Pathak believes that managing waste byproducts is more important than stopping manufacturing under the zero waste concept. For example, while peeling vegetables, byproducts such as vegetable skins and peels, etc. are produced. “Households with cattle can readily handle such ‘waste’ by feeding it to the animals. Otherwise, they can be composted.”
Thapa agrees, saying, “Zero waste is only achievable when we start using garbage as resources.”
As a result, according to Pathak, the first and most important step in achieving the zero waste target is to segregate garbage at the source level based on its composition. It means that any trash that can be managed within the home should be managed there, either by reusing or recycling, Thapa adds.
This includes producing compost and biogas on a modest scale using biogas power plants.
Tulachan claims to be in charge of waste management at her residence. “I primarily plant veggies in our kitchen garden and compost biodegradable garbage. Then I offer shampoo and toilet cleaner containers, as well as iron debris, to recyclers.”
However, this is insufficient.
However, because this is not always practical, such segregated garbage should be collected separately, and transportation of such waste should also be managed in separate vehicles. This prevents garbage from mingling, making reuse and recycling easier, according to Pathak.
Following that, infrastructure and technology for processing such segregated trash should be developed. “Technologies varies depending on the type of garbage,” he explains. “For biodegradable garbage, we can manufacture compost and generate biogas on a massive scale and commercialize it.”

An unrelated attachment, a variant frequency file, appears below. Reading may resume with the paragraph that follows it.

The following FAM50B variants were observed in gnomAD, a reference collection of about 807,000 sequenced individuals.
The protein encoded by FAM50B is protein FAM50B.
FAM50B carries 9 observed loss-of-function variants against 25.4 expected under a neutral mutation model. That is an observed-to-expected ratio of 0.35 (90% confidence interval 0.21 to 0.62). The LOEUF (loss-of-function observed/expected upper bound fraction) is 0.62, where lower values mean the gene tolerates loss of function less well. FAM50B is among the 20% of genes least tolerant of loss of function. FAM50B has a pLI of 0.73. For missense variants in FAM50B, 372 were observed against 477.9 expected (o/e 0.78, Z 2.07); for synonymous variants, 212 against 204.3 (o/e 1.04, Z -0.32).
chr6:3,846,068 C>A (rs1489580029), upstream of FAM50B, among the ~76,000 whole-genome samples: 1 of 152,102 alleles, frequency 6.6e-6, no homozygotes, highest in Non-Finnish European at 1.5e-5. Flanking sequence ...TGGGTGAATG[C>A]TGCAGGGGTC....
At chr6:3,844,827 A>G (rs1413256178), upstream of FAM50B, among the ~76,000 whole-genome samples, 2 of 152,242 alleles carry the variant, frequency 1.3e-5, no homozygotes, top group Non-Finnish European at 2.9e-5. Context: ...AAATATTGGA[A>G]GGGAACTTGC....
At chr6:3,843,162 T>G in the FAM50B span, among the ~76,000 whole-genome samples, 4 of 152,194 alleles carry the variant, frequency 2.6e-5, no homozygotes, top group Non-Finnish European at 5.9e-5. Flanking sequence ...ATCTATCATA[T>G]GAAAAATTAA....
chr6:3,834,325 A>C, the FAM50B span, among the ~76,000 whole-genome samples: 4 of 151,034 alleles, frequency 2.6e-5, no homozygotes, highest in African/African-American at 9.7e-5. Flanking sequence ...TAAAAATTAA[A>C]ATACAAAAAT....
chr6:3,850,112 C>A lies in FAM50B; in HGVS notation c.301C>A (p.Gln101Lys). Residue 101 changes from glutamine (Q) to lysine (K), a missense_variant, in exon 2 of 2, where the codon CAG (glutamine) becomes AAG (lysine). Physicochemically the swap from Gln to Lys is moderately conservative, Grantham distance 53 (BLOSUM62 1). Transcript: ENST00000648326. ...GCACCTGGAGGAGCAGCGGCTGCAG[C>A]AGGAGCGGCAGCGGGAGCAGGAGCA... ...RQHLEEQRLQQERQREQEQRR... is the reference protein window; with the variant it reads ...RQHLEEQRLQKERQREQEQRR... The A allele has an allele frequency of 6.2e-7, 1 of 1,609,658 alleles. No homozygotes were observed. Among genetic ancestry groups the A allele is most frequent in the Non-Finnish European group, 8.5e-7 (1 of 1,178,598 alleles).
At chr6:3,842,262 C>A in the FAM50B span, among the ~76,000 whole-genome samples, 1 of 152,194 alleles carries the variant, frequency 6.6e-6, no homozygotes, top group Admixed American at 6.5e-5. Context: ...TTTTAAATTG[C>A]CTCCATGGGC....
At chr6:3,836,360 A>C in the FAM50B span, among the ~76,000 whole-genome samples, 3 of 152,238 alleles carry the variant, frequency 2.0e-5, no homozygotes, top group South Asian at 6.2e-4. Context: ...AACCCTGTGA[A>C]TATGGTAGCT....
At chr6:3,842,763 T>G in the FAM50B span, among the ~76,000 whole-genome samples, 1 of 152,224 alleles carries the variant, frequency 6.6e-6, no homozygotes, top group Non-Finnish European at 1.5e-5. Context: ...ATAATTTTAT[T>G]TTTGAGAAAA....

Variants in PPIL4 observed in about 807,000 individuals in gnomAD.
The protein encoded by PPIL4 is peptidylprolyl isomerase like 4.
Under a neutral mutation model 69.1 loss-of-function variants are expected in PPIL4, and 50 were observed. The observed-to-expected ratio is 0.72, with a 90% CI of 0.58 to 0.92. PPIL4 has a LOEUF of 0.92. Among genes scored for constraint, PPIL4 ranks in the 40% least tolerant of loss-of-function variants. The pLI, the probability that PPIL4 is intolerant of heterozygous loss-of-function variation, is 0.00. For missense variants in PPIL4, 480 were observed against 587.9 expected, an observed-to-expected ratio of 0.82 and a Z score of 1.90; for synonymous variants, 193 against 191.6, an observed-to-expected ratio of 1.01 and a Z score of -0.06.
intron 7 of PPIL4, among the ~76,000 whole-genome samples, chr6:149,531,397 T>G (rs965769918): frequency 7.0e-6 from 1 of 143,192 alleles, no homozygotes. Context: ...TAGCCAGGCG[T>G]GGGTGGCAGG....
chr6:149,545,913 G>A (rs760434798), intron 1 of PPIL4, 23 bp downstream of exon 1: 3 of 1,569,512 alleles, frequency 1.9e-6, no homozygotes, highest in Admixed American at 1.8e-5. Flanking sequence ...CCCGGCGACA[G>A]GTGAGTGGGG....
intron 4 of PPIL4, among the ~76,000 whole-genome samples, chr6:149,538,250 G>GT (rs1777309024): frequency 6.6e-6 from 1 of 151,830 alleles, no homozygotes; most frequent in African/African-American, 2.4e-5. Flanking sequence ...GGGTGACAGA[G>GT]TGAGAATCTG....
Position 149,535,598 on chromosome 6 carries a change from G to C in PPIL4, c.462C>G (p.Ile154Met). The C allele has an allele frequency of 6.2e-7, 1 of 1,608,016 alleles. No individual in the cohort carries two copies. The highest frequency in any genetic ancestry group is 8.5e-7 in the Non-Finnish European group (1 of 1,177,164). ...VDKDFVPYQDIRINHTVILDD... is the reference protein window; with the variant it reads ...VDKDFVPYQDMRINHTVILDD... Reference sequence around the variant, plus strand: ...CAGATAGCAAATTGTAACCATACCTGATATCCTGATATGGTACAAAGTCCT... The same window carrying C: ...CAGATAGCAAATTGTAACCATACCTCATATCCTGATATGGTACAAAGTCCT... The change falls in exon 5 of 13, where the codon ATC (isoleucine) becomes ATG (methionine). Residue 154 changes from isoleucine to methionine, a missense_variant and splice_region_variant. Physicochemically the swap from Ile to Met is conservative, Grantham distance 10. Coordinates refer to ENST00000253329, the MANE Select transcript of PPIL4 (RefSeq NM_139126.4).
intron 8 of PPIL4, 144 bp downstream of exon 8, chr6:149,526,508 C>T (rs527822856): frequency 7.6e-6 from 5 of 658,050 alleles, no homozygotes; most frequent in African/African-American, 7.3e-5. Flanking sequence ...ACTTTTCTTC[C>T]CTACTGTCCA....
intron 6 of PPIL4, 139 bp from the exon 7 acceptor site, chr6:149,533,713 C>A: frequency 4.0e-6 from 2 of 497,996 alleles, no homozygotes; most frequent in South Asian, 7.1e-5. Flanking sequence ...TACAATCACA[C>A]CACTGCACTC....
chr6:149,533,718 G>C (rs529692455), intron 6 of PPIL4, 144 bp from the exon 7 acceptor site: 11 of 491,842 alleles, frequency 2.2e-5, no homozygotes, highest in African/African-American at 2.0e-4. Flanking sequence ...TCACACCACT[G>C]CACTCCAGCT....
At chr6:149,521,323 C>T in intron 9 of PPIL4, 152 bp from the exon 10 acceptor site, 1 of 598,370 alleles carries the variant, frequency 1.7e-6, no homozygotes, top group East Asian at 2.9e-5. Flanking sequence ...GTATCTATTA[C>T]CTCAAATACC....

Thapa also proposes the 5Rs (refuse, reduce, reuse, recycle, and recover) as another important step toward cleaning up the environment. Pathak feels that in this manner, “there will be some minor garbage to dispose of in landfills.”
Decomposable garbage accounts for more than 55% of waste in Kathmandu and approximately 60% of waste in other municipalities. According to Pathak, the biggest problem is managing plastic garbage, which is not naturally biodegradable. According to Pathak, the management of some recyclable polymers is also neither economically or technically feasible due to their large bulk.
Thapa believes that government and private sector collaboration to invest in the production of biodegradable plastics could be a viable solution.
Pathak feels that this integrated waste management technique is equally relevant in urban and rural regions. However, he notes that management styles might differ.
He goes on to say that waste management at the source, and thus zero waste, is more feasible in rural and suburban regions. However, waste management in large cities should be done centrally and on a huge scale. According to Pathak, the source or polluters should also be held accountable, and there should be collaboration between the government, people, and commercial sectors.
According to Thapa, the zero waste strategy is currently being practiced in villages; thus, stakeholders should focus on applying this strategy to metropolitan areas.
Back in Pokhara, Shashi Tulachan says she would like to see other young people follow in her footsteps.